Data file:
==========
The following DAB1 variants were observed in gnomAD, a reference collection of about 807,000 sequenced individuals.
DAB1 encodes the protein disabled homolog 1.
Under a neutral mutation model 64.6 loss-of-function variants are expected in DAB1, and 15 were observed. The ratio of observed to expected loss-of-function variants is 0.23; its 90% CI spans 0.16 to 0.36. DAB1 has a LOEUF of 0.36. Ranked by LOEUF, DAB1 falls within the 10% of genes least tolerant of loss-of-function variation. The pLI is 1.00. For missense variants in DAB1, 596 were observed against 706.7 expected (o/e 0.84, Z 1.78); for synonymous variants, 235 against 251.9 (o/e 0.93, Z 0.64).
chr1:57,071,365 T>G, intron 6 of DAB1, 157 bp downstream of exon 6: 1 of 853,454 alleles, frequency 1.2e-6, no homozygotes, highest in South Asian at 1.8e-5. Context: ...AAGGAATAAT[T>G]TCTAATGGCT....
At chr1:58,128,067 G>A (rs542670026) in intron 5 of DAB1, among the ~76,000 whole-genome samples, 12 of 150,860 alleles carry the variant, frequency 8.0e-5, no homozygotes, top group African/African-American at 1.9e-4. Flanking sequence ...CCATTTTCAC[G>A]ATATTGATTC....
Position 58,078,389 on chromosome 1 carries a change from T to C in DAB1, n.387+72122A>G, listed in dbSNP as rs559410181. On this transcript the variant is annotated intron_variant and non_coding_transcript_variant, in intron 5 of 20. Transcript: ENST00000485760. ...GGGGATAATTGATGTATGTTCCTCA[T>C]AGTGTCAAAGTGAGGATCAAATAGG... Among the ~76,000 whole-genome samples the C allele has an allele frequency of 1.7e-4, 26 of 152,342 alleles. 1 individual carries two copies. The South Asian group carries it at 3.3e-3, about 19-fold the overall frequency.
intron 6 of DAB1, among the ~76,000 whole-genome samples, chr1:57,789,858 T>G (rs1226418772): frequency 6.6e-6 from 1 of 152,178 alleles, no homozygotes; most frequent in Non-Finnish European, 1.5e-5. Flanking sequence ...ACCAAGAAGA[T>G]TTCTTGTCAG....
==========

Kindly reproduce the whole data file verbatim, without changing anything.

The following DAB1 variants were observed in gnomAD, a reference collection of about 807,000 sequenced individuals.
DAB1 encodes the protein disabled homolog 1.
Under a neutral mutation model 64.6 loss-of-function variants are expected in DAB1, and 15 were observed. The ratio of observed to expected loss-of-function variants is 0.23; its 90% CI spans 0.16 to 0.36. DAB1 has a LOEUF of 0.36. Ranked by LOEUF, DAB1 falls within the 10% of genes least tolerant of loss-of-function variation. The pLI is 1.00. For missense variants in DAB1, 596 were observed against 706.7 expected (o/e 0.84, Z 1.78); for synonymous variants, 235 against 251.9 (o/e 0.93, Z 0.64).
chr1:57,071,365 T>G, intron 6 of DAB1, 157 bp downstream of exon 6: 1 of 853,454 alleles, frequency 1.2e-6, no homozygotes, highest in South Asian at 1.8e-5. Context: ...AAGGAATAAT[T>G]TCTAATGGCT....
At chr1:58,128,067 G>A (rs542670026) in intron 5 of DAB1, among the ~76,000 whole-genome samples, 12 of 150,860 alleles carry the variant, frequency 8.0e-5, no homozygotes, top group African/African-American at 1.9e-4. Flanking sequence ...CCATTTTCAC[G>A]ATATTGATTC....
Position 58,078,389 on chromosome 1 carries a change from T to C in DAB1, n.387+72122A>G, listed in dbSNP as rs559410181. On this transcript the variant is annotated intron_variant and non_coding_transcript_variant, in intron 5 of 20. Transcript: ENST00000485760. ...GGGGATAATTGATGTATGTTCCTCA[T>C]AGTGTCAAAGTGAGGATCAAATAGG... Among the ~76,000 whole-genome samples the C allele has an allele frequency of 1.7e-4, 26 of 152,342 alleles. 1 individual carries two copies. The South Asian group carries it at 3.3e-3, about 19-fold the overall frequency.
intron 6 of DAB1, among the ~76,000 whole-genome samples, chr1:57,789,858 T>G (rs1226418772): frequency 6.6e-6 from 1 of 152,178 alleles, no homozygotes; most frequent in Non-Finnish European, 1.5e-5. Flanking sequence ...ACCAAGAAGA[T>G]TTCTTGTCAG....